British public broadcaster BBC has defended the omission of Indian death row convict Kulbhushan Jadhav's mention from its interview with Pakistan's Finance Minister Asad Umar, saying it was "not an act of censorship".
British public broadcaster BBC has defended the omission of Indian death row convict Kulbhushan Jadhav’s mention from its interview with Pakistan’s Finance Minister Asad Umar, saying it was “not an act of censorship”. In an interview to BBC’s Stephen Sackur for the ‘Hardtalk’, the finance minister answered questions on various issues of national importance, including the state of Pakistan’s economy and China–Pakistan Economic Corridor. The TV version of the interview, however, did not contain his mention of Jadhav, who was sentenced to death in 2017 by a Pakistani military tribunal on spying charges.
Human Rights Minister Shireen Mazari criticised the BBC for deleting the part about Jadhav, terming it “typical bias” on the part of the broadcaster. “Shameful how BBC censored and chopped off Asad’s mention of Indian spymaster Jhadav! Typical bias of BBC!,” she tweeted. BBC ‘Hardtalk’ on Twitter, however, clarified that Jadhav’s name had been omitted from the TV version of the interview and not the radio version, and that it was not done to censor the minister’s words. “The reason Kulbhushan Jadhav’s name was deleted from the TV version of the HARDtalk interview with Asad Umar has a simple technical explanation. The recorded interview was too long for our broadcast slot and so had to be edited. This was done separately for radio and TV,” it tweeted.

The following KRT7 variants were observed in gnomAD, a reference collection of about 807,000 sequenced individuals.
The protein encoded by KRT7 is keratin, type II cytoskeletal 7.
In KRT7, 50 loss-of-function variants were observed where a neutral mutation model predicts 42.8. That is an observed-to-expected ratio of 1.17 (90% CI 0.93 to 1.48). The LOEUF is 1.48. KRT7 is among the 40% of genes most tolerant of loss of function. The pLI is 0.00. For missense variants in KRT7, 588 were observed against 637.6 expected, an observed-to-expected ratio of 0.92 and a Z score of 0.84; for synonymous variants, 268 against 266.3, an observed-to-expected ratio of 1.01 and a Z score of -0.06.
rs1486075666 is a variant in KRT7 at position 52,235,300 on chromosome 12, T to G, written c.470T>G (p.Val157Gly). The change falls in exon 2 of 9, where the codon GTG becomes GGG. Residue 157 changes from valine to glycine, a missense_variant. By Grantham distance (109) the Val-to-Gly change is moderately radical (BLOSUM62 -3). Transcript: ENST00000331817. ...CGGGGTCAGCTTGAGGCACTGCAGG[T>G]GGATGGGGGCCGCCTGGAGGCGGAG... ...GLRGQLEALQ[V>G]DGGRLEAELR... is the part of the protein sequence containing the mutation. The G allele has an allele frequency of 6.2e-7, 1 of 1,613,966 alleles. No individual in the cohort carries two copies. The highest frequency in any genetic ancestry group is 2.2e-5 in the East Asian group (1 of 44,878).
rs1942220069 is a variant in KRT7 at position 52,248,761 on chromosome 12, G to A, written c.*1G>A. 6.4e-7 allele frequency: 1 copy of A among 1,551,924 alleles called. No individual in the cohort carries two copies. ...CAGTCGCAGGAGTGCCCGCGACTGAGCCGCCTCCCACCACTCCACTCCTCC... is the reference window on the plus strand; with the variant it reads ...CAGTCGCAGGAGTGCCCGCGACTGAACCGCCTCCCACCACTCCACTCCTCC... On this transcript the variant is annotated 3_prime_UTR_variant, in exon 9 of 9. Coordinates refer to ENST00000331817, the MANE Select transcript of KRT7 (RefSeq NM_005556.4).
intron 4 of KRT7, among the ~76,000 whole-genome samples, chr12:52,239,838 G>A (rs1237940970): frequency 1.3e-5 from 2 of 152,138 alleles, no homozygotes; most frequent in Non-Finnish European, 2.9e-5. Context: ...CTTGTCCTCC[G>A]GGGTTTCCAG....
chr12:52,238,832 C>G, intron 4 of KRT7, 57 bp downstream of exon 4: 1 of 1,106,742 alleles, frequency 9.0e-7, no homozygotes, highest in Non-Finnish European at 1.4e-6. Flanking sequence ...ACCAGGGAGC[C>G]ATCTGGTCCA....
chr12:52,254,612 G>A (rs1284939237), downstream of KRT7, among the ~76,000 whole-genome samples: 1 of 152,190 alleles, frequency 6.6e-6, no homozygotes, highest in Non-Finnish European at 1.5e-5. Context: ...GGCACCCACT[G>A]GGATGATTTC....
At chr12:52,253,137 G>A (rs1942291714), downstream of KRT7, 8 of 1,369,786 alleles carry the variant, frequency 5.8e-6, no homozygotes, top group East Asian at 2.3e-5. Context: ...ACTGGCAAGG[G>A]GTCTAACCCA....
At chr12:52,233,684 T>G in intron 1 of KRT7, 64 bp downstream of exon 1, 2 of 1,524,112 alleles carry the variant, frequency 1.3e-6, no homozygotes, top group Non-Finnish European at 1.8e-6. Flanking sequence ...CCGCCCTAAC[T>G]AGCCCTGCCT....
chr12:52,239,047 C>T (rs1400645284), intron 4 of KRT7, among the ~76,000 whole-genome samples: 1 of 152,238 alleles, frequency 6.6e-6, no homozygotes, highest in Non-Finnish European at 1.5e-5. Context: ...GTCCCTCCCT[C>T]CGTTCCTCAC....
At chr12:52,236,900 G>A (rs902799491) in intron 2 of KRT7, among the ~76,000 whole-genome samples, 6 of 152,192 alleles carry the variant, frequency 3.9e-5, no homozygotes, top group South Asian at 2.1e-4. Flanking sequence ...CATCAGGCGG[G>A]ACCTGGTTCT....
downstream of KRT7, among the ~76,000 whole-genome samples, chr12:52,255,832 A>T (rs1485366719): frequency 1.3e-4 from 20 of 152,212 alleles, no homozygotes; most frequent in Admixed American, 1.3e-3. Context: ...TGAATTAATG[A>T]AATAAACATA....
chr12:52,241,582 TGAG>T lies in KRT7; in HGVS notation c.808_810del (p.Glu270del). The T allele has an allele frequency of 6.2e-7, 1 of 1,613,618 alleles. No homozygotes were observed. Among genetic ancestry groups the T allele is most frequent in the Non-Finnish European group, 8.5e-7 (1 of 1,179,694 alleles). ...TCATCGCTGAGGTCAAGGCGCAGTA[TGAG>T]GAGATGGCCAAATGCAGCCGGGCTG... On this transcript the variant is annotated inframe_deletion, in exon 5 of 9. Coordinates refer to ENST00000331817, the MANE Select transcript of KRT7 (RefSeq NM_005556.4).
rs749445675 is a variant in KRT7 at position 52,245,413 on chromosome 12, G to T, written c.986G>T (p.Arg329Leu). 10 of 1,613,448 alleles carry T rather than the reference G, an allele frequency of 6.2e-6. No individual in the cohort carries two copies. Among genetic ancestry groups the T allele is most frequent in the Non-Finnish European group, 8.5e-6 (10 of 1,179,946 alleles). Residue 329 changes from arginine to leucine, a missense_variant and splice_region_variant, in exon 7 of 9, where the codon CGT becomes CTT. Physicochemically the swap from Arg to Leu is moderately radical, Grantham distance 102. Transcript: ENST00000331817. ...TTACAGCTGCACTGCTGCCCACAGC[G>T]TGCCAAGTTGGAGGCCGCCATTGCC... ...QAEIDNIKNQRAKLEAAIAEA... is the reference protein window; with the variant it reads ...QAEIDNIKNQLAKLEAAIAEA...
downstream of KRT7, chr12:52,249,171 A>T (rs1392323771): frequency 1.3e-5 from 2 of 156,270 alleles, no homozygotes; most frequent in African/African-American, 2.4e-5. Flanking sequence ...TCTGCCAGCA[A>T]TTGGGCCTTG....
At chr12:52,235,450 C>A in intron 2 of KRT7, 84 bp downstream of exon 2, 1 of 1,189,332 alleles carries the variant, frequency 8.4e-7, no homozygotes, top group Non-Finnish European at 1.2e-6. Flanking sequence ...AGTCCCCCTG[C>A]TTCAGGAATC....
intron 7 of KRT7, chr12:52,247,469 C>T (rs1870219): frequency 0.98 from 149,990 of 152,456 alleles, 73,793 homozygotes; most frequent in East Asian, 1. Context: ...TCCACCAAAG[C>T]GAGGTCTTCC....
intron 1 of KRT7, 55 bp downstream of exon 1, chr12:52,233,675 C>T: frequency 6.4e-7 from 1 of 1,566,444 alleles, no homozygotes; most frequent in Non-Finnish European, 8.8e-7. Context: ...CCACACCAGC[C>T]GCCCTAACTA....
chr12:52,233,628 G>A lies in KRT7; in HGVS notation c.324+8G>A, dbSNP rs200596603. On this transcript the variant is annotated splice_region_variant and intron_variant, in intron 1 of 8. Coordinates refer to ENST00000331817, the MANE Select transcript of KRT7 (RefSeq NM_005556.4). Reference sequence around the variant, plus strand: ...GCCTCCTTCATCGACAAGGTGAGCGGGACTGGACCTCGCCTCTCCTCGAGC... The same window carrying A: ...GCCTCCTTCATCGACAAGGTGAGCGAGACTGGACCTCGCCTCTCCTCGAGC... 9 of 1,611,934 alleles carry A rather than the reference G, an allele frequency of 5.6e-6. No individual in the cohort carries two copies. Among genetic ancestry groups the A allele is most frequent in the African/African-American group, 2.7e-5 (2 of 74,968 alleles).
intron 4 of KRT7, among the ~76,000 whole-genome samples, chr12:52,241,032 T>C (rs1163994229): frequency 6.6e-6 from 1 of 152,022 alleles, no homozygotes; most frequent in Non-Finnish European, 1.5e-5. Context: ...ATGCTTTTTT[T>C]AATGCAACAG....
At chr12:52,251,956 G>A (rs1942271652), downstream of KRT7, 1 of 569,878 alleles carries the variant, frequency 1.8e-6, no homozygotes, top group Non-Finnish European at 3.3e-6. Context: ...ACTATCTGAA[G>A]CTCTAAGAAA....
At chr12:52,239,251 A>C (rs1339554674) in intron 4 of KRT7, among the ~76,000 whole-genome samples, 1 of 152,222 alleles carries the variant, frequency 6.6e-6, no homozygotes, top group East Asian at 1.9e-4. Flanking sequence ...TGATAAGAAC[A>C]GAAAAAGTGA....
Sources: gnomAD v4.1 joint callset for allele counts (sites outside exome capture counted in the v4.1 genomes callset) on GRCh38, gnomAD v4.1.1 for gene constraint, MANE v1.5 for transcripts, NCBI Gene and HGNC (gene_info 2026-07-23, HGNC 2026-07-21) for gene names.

“His name was omitted from the TV version. This was not an act of censorship, but clearly confusion has been caused, so we are happy to restore that short section to the TV broadcast and we’ll give the new programme an extra airing tonight as well as tomorrow morning,” the broadcaster said. On BBC’s clarifictaion, the human rights minister said, “As pathetic an explanation as any! BBC’s bias has always been there and then there are mega bucks to be earned from India!” Pakistan alleges that its security forces arrested Jadhav from Balochistan province in March 2016 after he reportedly entered the country from Iran.
India denies all the charges and maintains that Jadhav was kidnapped from Iran where he had business interests after retiring from the Navy and that he has no links with the government. After Jadhav was sentenced to death, India moved the International Court of Justice against the verdict in May 2017. The world court has halted Jadhav’s execution on India’s appeal pending the final verdict by it. In October, the ICJ said it will hold hearings from February 18 to February 21 in the Peace Palace at The Hague in the Netherlands, the seat of the court.